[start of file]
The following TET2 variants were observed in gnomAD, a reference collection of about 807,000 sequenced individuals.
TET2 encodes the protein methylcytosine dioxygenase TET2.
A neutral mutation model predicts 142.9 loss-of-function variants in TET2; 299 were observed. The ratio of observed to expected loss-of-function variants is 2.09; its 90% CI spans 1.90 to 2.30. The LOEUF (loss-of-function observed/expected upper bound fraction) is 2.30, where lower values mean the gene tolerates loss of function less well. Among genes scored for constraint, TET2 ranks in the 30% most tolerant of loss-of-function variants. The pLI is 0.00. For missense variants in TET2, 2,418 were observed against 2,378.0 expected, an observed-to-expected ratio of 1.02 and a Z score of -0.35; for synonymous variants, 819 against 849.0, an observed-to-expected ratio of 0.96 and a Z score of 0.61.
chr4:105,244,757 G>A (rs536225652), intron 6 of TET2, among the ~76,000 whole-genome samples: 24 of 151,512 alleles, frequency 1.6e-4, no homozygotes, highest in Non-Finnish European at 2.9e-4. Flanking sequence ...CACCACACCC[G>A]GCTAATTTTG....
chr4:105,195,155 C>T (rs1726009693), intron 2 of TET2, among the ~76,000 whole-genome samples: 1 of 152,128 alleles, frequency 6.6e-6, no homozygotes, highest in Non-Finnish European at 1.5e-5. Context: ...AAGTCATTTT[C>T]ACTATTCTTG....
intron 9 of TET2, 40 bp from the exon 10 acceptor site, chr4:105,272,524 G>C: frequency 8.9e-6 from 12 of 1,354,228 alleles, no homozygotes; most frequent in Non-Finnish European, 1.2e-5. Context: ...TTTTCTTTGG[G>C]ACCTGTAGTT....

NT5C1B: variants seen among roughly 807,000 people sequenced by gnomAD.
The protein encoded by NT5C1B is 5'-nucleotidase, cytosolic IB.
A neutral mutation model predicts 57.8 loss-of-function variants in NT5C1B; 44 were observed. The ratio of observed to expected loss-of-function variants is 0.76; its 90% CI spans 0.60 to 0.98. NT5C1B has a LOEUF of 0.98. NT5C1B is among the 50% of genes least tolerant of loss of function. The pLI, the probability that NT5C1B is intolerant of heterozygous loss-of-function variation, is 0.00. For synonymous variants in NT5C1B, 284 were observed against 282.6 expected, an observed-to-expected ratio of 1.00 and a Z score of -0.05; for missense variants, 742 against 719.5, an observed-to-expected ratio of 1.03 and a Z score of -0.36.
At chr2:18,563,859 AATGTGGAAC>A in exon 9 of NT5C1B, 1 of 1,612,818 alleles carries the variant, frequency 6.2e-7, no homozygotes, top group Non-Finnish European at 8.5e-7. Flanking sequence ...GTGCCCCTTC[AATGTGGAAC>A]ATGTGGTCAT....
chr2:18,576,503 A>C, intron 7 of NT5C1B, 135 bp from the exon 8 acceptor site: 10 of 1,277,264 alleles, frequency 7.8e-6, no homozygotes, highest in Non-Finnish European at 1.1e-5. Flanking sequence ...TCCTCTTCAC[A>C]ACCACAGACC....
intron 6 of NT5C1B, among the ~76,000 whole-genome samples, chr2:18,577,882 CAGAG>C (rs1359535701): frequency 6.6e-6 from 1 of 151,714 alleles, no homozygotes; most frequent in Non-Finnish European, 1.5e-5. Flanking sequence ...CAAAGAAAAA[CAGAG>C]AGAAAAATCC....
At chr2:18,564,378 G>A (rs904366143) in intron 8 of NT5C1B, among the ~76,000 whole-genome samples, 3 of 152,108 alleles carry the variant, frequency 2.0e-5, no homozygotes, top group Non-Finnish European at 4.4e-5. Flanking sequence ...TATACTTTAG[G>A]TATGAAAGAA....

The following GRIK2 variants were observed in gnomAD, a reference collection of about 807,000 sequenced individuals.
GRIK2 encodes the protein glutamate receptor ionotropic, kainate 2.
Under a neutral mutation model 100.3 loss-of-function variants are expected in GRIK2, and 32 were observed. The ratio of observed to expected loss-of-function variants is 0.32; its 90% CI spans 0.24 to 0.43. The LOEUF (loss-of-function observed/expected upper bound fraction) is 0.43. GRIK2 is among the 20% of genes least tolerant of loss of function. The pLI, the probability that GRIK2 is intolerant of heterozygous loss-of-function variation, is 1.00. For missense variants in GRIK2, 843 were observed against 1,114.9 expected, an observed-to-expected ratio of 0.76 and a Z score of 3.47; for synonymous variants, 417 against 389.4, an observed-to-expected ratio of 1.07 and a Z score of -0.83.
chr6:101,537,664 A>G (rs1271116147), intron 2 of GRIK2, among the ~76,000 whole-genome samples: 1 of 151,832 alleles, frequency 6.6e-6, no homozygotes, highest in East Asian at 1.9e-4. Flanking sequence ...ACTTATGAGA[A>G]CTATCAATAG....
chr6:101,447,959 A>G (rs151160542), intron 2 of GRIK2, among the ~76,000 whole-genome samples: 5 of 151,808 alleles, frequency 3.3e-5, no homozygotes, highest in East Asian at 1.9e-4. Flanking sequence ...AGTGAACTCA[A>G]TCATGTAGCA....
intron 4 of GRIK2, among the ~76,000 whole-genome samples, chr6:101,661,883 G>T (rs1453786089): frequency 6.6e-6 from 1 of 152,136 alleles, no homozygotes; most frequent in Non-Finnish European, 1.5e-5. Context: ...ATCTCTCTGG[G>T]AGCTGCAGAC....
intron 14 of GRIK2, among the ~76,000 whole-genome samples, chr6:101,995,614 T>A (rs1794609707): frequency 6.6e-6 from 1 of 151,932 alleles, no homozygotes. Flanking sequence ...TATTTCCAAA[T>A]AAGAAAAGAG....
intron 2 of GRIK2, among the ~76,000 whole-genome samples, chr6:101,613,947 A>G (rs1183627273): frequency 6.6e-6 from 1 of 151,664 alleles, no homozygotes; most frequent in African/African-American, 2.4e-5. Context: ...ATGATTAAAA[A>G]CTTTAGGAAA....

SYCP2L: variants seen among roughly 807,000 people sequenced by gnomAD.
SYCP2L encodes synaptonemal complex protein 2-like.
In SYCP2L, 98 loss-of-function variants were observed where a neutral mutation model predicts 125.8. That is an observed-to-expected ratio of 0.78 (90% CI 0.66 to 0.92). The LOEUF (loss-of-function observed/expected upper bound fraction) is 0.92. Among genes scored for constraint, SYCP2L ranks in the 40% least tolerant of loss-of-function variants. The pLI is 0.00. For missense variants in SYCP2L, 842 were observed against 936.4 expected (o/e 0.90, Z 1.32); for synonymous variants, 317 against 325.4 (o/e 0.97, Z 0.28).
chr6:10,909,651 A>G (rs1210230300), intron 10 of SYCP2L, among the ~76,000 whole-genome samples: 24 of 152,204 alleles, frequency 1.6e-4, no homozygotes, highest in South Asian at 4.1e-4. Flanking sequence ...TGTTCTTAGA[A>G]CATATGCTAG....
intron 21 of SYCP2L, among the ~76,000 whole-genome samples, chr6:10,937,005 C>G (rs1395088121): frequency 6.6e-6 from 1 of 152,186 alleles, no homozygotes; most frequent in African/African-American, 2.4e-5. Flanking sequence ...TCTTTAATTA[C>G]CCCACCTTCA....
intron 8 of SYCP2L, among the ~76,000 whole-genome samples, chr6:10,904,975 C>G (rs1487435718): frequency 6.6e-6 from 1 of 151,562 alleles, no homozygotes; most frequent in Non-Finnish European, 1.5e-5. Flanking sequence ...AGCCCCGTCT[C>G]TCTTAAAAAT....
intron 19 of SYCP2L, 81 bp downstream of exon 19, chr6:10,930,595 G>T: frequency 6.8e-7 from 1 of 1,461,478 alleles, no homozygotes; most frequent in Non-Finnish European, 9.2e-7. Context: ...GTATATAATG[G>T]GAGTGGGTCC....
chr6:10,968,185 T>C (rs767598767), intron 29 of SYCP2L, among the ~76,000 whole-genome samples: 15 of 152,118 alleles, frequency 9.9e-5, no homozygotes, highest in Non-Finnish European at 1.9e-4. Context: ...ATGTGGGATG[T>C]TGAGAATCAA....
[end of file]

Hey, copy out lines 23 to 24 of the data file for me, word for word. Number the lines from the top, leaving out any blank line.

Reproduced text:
SYCP2L encodes synaptonemal complex protein 2-like.
In SYCP2L, 98 loss-of-function variants were observed where a neutral mutation model predicts 125.8. That is an observed-to-expected ratio of 0.78 (90% CI 0.66 to 0.92). The LOEUF (loss-of-function observed/expected upper bound fraction) is 0.92. Among genes scored for constraint, SYCP2L ranks in the 40% least tolerant of loss-of-function variants. The pLI is 0.00. For missense variants in SYCP2L, 842 were observed against 936.4 expected (o/e 0.90, Z 1.32); for synonymous variants, 317 against 325.4 (o/e 0.97, Z 0.28).